“The immigrant’s heart marches to the beat of two quite different drums, one from the old homeland and the other from the new,” says former president of Ireland, Mary McAleese. “The immigrant has to bridge these two worlds, living comfortably in the new and bringing the best of his or her ancient identity and heritage to bear on life in an adopted homeland.”
The Irish community has been among New York City’s most formative influences. “Sober St. Patrick’s Day”, in a grand celebration that promises to make the heart light and the feet want to shuffle, honors the creativity, charm and ingenuity of the Irish people. Noel Kilkenny, Irish Counsel General of New York,who hosted a meeting in support of the day recounts, “When I was growing up in Ireland, I remember distinctly that all the pubs were closed on St. Patrick’s Day. We really respected it as a special day. l really like the idea of having a special event on this holiday for Americans of Irish heritage who are in recovery from alcoholism, to celebrate our shared heritage in a safe and inclusive environment.”
There is much to revel in the legacy of a people who claim in their ranks some of the world’s greatest poets, playwrights and ballad writers. Cultural icons such as W.B. Yeats, CS Lewis, Eugene O’Neill, Oscar Wilde, George Bernard Shaw, James Joyce and more recently Frank McCourt and Judy Collins all reflect this rich heritage of the Irish. The Irish voice so full of irony, soul searching and a recognition of the beauty of the human spirit will be heard, sung and River Danced this March 17th in a festivity that is fit for the most discriminating NYC tastes and their families and children.
For too long St Patrick’s Day has conjured up images of drunkenness, a dark shadow of the Irish culture that speaks to a legacy of colonial rule, potato famines and living under a system designed to strip them of their lands, their dignity and their futures. Drinking became, for many, a way to survive, a strange relief that paradoxically both broke the spirit and perhaps, kept it from breaking. But dance, poetry and song are also forms of relief and renewal.
The first annual “Sober St. Patrick’s Day” will take place at Regis High School (entrance at 60 East 85 St.) from 3pm to 7pm. (info and advance tickets required as space is limited) are available for a mere $12.00 at. The day will include dancers in traditional costumes, lively bands and soloists, and theatrical renditions of great literary works.
Interestingly, St. Patrick was himself an immigrant. Captured from Wales by Irish raiders when he was about 16 , he was taken to Ireland as a slave. He lived in Ireland for about six years before escaping and returning to his family. After entering the church, however, he returned to Ireland as an ordained bishop, having seen a vision drawing him back. He eventually came to be revered as patron saint of Ireland and worked to overthrow “pagan idols and cursed kings s and kingdoms”. If ever there were a pagan idol, liquor is one. It is a worshipping and dependence of something outside the self that eventually disconnects us from our own inner spirit. “Breaking the national silence about alcohol abuse and dependence in Ireland and Irish America needs to become a priority. Breaking the silence, and spreading the message that recovery is possible,” says Dr. Garrett O’Connor, in his wonderful article Breaking the Code of Silence: The Irish and Drink in Irish America Magazine.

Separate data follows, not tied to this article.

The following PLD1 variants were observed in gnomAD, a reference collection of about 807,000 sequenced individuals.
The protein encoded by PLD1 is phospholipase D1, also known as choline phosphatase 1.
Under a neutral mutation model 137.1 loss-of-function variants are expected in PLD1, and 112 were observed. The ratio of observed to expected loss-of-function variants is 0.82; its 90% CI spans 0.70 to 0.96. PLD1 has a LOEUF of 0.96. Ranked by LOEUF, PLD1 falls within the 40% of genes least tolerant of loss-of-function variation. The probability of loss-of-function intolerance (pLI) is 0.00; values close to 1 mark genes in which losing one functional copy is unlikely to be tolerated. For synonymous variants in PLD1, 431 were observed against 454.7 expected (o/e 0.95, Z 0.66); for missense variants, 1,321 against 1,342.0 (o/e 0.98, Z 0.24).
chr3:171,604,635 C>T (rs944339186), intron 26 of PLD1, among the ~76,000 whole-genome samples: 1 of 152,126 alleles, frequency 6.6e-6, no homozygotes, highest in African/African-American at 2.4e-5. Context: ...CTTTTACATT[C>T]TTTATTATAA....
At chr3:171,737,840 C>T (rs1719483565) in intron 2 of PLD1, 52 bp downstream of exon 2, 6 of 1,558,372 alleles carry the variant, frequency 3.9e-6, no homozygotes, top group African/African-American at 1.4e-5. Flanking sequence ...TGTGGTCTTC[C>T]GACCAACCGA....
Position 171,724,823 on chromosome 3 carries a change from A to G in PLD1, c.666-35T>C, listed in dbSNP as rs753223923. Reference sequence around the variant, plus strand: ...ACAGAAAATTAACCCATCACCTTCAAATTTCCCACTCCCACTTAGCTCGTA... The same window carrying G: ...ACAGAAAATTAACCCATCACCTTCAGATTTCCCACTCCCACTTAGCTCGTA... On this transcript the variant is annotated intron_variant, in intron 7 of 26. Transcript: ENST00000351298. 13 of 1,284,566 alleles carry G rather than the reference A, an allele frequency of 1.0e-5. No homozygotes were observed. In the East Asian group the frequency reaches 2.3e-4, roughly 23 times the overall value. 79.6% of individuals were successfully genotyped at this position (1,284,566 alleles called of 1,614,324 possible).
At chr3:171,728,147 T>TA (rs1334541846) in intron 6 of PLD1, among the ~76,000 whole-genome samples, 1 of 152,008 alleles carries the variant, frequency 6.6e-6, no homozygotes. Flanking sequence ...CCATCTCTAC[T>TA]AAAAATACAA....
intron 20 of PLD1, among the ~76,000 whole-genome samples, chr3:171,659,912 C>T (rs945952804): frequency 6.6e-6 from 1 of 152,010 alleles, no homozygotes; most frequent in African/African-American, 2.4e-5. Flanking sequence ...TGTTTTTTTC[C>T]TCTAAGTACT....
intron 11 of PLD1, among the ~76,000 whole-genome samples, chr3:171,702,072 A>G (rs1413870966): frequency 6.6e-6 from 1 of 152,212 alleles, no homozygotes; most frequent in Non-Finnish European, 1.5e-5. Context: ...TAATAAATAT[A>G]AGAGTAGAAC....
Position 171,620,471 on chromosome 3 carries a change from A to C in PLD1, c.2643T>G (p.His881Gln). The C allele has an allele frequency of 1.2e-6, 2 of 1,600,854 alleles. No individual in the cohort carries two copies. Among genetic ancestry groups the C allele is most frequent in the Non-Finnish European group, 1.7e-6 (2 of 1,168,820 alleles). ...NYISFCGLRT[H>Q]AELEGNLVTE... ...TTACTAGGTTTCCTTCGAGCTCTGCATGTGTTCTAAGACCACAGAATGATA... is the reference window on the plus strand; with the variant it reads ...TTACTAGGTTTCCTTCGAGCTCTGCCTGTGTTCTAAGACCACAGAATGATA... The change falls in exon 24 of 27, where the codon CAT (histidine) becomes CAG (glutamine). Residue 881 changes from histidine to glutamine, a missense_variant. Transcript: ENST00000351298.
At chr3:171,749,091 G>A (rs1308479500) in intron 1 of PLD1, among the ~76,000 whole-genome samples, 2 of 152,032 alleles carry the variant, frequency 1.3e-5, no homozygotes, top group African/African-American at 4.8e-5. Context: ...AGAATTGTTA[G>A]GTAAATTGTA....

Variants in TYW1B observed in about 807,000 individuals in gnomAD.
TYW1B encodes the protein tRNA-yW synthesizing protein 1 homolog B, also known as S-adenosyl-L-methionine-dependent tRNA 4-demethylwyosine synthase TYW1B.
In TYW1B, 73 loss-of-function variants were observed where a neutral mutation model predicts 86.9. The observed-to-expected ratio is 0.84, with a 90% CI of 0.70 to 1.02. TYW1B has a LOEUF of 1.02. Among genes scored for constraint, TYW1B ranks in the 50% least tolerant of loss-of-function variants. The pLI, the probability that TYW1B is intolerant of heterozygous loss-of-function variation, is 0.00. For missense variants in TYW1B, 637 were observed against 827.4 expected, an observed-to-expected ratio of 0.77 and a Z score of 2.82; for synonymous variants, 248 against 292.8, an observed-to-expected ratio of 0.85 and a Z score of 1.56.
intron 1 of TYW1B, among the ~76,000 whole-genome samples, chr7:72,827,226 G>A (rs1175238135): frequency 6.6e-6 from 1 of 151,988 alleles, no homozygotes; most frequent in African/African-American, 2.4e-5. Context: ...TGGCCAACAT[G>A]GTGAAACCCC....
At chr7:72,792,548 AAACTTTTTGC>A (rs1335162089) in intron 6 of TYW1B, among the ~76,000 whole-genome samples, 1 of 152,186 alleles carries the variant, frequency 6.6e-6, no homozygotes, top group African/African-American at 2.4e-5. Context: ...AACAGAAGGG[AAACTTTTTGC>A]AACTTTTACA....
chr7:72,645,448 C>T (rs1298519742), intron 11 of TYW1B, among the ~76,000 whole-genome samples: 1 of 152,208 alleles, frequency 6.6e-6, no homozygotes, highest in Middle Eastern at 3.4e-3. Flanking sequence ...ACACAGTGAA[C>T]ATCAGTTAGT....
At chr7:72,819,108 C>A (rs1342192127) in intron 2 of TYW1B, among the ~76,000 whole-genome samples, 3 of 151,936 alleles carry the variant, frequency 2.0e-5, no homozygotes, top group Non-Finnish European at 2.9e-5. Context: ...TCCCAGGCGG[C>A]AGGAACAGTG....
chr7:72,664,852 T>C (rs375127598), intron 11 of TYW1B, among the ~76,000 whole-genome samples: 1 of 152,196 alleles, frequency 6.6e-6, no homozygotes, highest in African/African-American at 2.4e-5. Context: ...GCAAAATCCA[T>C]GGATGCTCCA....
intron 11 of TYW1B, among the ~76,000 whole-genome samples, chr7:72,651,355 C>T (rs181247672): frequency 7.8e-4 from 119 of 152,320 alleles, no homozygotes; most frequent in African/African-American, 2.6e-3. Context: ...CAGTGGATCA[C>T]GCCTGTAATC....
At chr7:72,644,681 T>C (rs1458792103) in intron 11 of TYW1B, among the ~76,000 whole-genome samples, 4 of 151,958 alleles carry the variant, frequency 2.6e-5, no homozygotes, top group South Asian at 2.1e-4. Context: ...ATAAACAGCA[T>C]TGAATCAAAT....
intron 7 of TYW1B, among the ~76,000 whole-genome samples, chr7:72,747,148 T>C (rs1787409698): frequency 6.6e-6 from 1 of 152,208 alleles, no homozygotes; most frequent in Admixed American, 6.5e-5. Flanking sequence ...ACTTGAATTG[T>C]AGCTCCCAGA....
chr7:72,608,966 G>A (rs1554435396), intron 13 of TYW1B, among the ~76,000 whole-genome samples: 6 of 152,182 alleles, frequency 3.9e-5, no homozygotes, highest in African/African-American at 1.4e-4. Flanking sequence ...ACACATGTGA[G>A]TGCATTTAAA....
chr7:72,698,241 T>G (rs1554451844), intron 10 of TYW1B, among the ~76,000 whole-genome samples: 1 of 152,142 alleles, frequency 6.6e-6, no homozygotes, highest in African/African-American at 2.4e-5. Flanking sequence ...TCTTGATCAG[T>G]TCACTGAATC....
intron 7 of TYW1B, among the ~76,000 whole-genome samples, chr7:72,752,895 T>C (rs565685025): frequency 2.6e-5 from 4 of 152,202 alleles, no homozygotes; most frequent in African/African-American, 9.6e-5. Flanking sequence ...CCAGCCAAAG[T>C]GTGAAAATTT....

What better way to “break the silence” and rejoice in recovery than through honoring and celebrating the spirit of St. Patrick?
The Irish are known for their charm, heart and humor; for their deep and poetic way of looking at life. The often quoted “Traditional Irish Blessing,” expresses this rich humanness, and invokes the spirit of St. Patrick. It appreciates the simple things in life that truly bring happiness. Let’s include sobriety, as one of those simple things.
“May you always have walls for the winds,
a roof for the rain, tea beside the fire,
laughter to cheer you, those you love near you, and all your heart might desire.
May St. Patrick guard you wherever you go, and guide you in whatever you do—
and may his loving protection be a blessing to you always.
May the road rise to meet you,
May the wind be always at your back,
May the sun shine warm upon your face,
The rains fall soft upon your fields and,
Until we meet again,
May God hold you in the palm of His hand.
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About the AuthorTian Dayton PhD
Senior fellow at The Meadows, psychologist, psychodramatist, author Emotional Sobreity,ACoA Trauma Syndrome, Forgiving and Moving On, Huff Post blogger, speaker... Read More